Politics

Pittsburgh's Mayor Slams Trump's Paris Agreement Comment

The mayor of Pittsburgh refused to let the president use the city's voters as justification for his decision to withdraw from the Paris Agreement on Thursday. 

Donald-Trump

On Thursday, Mayor Bill Peduto responded to a statement President Donald Trump made in the Rose Garden, where he announced his decision to abandon the international climate deal. Trump said that he was "elected by voters of Pittsburgh, not Paris" and that he was keeping a promise to "exit or renegotiate any deal which fails to serve U.S. interests." 

"As the Mayor of Pittsburgh, I can assure you that we will follow the guidelines of the Paris Agreement for our people, our economy & future," Peduto wrote in a tweet. He also corrected the president, noting that "Hillary Clinton received 80 [percent] of the vote in Pittsburgh" during the 2016 presidential election. 

Pittsburgh wouldn't be alone in its commitment to reduce carbon emissions as outlined in the Paris Agreement despite the country's withdrawal. At least 10 governors have made similar pledges, reaffirming their commitment, The Hill reported. A coalition of 61 mayors also vowed to uphold their commitment, CNN reported

"The president has already said climate change is a hoax, which is the exact opposite of virtually all scientific and worldwide opinion," California Gov. Jerry Brown said in a joint statement alongside New York and Washington's governors. "I don't believe fighting reality is a good strategy — not for America, not for anybody. If the President is going to be AWOL in this profoundly important human endeavor, then California and other states will step up."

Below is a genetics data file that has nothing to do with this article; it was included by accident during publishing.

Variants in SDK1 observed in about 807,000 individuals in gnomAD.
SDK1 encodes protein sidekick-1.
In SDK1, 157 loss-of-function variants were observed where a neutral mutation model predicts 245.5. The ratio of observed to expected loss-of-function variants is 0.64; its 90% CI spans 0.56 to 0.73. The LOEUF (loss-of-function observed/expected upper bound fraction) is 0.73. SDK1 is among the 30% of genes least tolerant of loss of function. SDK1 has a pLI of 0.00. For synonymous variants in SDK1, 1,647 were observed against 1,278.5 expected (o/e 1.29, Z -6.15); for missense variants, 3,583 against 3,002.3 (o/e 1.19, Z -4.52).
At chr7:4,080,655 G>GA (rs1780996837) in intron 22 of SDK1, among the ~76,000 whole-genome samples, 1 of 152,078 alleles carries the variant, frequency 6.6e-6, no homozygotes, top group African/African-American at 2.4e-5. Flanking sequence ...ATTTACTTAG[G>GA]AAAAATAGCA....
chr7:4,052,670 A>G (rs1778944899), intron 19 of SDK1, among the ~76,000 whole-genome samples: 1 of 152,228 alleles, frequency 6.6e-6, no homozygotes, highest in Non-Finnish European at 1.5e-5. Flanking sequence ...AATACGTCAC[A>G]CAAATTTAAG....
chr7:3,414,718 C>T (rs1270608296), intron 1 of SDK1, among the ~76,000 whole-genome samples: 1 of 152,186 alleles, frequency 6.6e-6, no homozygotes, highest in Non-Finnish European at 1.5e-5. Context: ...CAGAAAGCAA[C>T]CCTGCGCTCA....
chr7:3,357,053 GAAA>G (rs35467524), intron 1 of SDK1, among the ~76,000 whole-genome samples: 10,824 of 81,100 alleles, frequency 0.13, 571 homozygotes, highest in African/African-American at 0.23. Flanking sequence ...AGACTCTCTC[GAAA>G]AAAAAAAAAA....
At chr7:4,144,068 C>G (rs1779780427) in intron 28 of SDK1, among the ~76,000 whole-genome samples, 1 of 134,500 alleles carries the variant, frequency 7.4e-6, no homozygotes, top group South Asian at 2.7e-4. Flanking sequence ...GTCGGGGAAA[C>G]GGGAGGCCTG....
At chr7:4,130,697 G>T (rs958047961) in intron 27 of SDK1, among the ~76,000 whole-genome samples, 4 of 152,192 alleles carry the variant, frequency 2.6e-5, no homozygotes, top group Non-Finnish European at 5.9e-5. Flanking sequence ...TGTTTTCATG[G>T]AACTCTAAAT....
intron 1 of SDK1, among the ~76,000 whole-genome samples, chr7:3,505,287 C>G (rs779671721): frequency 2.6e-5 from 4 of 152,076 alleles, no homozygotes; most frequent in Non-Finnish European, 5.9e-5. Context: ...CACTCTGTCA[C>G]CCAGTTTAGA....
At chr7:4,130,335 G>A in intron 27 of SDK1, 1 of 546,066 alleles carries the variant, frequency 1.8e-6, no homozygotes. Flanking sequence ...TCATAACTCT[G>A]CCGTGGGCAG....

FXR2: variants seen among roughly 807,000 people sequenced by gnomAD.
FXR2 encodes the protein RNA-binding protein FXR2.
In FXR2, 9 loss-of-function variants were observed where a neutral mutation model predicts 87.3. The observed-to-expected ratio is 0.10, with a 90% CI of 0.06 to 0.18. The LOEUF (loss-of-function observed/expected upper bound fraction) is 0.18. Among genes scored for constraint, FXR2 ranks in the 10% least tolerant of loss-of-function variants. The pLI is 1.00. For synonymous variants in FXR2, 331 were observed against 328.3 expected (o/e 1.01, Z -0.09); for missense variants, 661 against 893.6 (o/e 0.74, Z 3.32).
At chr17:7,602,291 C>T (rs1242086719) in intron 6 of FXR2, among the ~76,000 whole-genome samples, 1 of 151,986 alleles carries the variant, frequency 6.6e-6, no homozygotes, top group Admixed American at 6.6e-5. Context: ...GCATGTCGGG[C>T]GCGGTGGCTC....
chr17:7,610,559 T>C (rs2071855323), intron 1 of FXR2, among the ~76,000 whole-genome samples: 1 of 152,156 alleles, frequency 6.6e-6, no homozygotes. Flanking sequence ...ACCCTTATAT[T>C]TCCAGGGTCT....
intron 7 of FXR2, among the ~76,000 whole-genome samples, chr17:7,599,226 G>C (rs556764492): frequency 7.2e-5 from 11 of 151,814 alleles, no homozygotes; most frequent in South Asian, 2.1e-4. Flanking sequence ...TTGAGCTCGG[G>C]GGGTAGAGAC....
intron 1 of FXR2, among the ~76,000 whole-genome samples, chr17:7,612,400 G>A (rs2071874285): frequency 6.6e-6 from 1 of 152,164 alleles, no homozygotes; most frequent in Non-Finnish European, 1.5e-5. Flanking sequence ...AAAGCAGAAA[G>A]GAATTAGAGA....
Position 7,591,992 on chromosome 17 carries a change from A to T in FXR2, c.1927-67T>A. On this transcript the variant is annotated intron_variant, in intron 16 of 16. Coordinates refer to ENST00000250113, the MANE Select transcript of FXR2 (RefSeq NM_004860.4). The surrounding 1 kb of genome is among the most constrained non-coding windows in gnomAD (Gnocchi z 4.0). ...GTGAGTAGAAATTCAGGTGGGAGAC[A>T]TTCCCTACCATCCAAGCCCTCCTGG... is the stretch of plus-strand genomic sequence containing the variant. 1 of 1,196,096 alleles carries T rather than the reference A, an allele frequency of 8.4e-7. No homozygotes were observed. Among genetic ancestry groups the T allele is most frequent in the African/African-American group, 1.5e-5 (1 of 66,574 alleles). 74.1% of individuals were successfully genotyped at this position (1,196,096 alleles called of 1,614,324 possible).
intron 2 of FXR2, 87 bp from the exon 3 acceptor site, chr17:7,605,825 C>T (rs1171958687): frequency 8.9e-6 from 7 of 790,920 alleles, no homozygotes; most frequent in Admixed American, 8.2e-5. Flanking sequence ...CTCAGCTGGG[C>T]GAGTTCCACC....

John Coequyt, global climate policy director at the Sierra Club, told ATTN: that he's encouraged by the proactive role states and cities have taken to promote clean energy policies regardless of the federal government's stance. 

"This move is emboldening a bunch of governors and mayors and others who believe that we need to act on climate," Coequyt said. "When you combine that with the incredible transition in the U.S. away from coal toward clean energy, it's entirely possible that the U.S. will be actually in OK shape to meet [carbon emission reduction] targets at the end of this administration." 

In other words, Trump's move can be rendered merely symbolic if state, city, and local lawmakers take the initiative to enact and maintain policies that reduce greenhouse gases. There's nothing preventing these jurisdictions from moving away from fossil fuels and promoting clean energy alternatives.